Uncovering novel approaches in heart failure science
The Late-Breaking Science session “Breakthrough Strategies in the HF Journey” on Saturday found that:
· CRISPR-Cas9 gene therapy is safe in Phase I transthyretin amyloidosis cardiomyopathy trial.
· Decision support in the emergency department improves access to heart failure (HF) care.
· Routinely collecting patient-reported outcomes and sharing them with clinicians can improve HF care.
· IV Iron can reduce HF rehospitalization, CV death in nonhospitalized HFrEF.
First-in-human CRISPR-Cas9 gene therapy safe, potentially effective in transthyretin amyloid cardiomyopathy
The first human trial of a CRISPR-Cas9 gene editing therapy has shown good safety and potential for significant clinical efficacy in a phase 1 trial of patients with transthyretin amyloid cardiomyopathy (ATTR-CM). ATTR-CM is caused by progressive accumulation of misfolded transthyretin (TTR) protein, which is produced almost exclusively in the liver, said Julian Gillmore, MD, PhD, professor of medicine at the University College London and head of UCL Centre for Amyloidosis in London. Investigational agent NTLA-2001 was designed to knock out the TTR gene in the liver of patients with ATTR amyloidosis, thereby halting production of TTR protein and progression of cardiomyopathy from accumulation of amyloid in the heart.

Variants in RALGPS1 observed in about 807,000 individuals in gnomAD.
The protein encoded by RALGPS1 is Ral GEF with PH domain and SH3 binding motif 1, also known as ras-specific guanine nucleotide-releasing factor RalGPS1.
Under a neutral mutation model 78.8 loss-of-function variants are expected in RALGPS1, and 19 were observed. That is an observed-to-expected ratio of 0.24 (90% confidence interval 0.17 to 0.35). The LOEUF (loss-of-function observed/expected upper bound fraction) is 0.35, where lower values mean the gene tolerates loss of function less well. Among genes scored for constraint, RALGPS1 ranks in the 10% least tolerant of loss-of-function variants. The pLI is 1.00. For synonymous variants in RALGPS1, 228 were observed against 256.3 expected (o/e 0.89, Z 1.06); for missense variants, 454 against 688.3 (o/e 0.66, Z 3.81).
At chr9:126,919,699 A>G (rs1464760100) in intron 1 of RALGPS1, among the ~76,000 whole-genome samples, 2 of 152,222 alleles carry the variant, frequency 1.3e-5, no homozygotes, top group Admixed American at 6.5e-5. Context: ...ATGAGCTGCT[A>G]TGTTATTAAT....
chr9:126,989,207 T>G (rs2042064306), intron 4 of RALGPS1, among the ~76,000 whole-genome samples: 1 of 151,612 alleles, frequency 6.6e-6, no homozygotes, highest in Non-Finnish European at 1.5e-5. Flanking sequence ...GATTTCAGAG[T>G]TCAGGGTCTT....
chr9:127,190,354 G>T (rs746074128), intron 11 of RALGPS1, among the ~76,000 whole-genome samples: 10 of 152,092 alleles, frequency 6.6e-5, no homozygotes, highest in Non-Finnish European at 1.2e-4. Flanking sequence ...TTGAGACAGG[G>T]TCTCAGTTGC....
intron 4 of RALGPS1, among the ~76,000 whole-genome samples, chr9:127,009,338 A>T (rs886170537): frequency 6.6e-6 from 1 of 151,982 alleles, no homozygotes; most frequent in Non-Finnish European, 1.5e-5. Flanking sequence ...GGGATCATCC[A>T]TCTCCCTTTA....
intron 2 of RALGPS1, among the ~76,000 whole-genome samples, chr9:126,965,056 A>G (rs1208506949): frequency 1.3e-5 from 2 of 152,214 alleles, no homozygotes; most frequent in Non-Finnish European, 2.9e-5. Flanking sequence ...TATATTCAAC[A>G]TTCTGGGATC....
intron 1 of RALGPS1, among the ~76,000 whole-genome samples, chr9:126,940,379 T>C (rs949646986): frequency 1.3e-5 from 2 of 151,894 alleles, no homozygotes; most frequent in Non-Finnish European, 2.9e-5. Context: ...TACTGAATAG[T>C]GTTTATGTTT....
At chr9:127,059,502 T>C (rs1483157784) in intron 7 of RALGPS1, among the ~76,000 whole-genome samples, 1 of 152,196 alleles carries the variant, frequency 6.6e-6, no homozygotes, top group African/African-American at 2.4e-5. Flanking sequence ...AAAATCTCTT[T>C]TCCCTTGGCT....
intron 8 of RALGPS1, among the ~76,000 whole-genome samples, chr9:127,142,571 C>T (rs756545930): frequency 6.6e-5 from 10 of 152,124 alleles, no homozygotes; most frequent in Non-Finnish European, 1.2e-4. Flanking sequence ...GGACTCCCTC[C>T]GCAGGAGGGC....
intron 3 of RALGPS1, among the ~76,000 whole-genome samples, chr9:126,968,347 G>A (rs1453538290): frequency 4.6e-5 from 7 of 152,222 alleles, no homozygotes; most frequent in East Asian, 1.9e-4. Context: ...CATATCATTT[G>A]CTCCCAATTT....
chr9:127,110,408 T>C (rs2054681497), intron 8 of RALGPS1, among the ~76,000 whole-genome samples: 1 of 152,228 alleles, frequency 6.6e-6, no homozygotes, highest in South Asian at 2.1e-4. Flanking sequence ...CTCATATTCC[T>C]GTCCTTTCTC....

“Without treatment, amyloid deposits continue to accumulate in the heart and the condition is universally fatal,” Dr. Gillmore said. “The principle of treatment is to reduce the concentration of circulating TTR protein, reducing the amyloid substrate, to allow an equilibrium in which existing amyloid deposits are cleared more rapidly than new amyloid is deposited.”
The fact that the TTR protein is directly responsible for the disease coupled with the exclusive production of circulating TTR by the liver make ATTR amyloidosis a good target for in vivo gene editing using a CRISPR-Cas9 system, Dr. Gillmore noted. The normal function of TTR is limited to thyroxine and vitamin A transport, and experience with gene silencers indicate that knockout is likely to have limited and manageable adverse physiologic effects.
NTLA-2001 uses a lipid nanoparticle encapsulating messenger RNA for SpCas9 protein and a guide RNA that targets TTR. Preclinical studies showed durable knockdown of circulating TTR protein after a single dose. Nonhuman primate studies suggested a maximum human dose of 1 mg/kg.